Andy: So let me start with a story of a frustration I had with remote work. It’ll be a very vague story because this was years ago and I have a terrible memory.

The vague story is I was working at Puppet. This was the first time I, myself, had worked remotely. I had worked on a team before where we had remote people, but this is the first time I was remote. The remoteness for this team had multiple dimensions because … so I was on the west coast of the U.S. Several members of my team were on the west coast of the U.S., but another member of my team was in Stockholm. So he shifted his day, which as like the team lead, I found it personally fairly uncomfortable that he was shifting his entire day to match ours.

And it was great because it meant that we could do all sorts of things synchronously. But that also presented a bit of a problem because we, as a team on Puppet, for those don’t know, Puppet is an open source project for configuration management. And being an open source tool, it meant that we had this asynchronous collaboration with people all over the world. They would comment on our mailing list. They would send us pull requests. They would send us bug reports. We would be interacting with them in all sorts of different ways.

And, maybe this is a theme of the mixture of synchronous and asynchronous. How do you get that right? Because as a team, especially with this one guy who had shifted his day, we were very comfortable just doing everything synchronously. But we had to interrupt our patterns, regularly, for the asynchronous stuff. We had to figure out how does this asynchronous stuff fit in. This was difficult because we would have conversations internal to the company, but they would affect conversations going on external to the company in the open source community.

And so we would need to take these kind of synchronous conversations and make sure that they made it out for the asynchronous world. I remember conversations around the scoping of variables and how we wanted to fix up some particularly weird cases in how variable scoping worked in the puppet language. And we’d have that conversation internally. And then basically, I’d have to have that entire conversation again externally. And I can tell you I found that frustrating. Because I wasn’t having the conversation once, I was having the conversation like three times.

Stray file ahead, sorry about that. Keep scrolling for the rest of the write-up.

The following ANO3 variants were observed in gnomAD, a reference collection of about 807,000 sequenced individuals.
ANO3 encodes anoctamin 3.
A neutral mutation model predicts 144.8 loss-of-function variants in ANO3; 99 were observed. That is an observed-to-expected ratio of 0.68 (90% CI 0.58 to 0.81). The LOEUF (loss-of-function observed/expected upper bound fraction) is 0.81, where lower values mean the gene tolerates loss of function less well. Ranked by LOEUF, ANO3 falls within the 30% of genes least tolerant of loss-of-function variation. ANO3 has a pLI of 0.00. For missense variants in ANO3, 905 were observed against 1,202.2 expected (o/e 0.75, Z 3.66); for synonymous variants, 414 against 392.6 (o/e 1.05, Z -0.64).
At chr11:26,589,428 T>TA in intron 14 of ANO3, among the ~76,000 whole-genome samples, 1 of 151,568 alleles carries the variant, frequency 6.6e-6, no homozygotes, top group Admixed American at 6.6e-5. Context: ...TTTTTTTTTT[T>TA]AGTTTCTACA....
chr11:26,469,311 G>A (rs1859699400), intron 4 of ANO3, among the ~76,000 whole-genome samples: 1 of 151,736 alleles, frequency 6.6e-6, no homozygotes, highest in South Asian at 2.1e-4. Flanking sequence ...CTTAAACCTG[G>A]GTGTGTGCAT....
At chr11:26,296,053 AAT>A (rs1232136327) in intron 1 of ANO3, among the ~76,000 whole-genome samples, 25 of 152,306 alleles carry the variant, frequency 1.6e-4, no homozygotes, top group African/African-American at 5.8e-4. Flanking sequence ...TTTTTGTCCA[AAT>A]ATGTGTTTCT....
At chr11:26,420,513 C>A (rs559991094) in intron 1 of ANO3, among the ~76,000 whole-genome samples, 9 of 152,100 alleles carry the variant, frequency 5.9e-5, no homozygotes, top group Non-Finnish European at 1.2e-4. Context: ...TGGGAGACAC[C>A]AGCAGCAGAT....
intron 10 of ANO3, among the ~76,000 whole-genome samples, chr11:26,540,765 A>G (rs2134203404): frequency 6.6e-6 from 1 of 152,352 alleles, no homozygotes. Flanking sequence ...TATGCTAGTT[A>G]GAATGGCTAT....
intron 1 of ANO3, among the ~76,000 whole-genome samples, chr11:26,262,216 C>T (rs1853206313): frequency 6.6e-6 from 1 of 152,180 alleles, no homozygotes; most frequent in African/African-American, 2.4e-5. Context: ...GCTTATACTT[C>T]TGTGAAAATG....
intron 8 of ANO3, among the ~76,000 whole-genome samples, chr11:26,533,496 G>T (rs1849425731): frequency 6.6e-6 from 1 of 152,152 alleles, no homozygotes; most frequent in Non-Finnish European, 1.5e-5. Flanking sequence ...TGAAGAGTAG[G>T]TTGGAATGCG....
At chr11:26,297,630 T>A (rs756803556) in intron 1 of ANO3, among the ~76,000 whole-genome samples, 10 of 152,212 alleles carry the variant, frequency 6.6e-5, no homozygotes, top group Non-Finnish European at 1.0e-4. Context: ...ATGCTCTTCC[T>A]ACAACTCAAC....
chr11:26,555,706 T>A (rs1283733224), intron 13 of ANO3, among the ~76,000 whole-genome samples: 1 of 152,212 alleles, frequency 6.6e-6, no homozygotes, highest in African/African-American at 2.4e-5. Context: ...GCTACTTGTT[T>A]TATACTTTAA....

Because the community around the tool is really its greatest asset. It’s almost like the tool is incidental, the value of it is the entire community and the modules that people have built around it. And so we realized we had to work in a way that kept including them. But that also meant that we had to work in a way that wasn’t the way that everything around us told us we should be working.

Mon-Chaio: Mmhmm. Interesting, interesting.

Andy: And back on to the thing about time zones, a more managerial thing, I felt very uncomfortable that I was having someone work at a different time from his daytime. He made it much easier for me when he told me he’d been working for Silicon Valley companies for several decades by that point, and he actually preferred this. And then it actually became really real for me because I spent two weeks at his house? And I got to live that time schedule and I was like, oh, I can see how this is great for you. Okay. I don’t feel like I’m putting you out to be working this schedule. This is the schedule that works for you. This is what you’ve built your life around and you seem to really like it.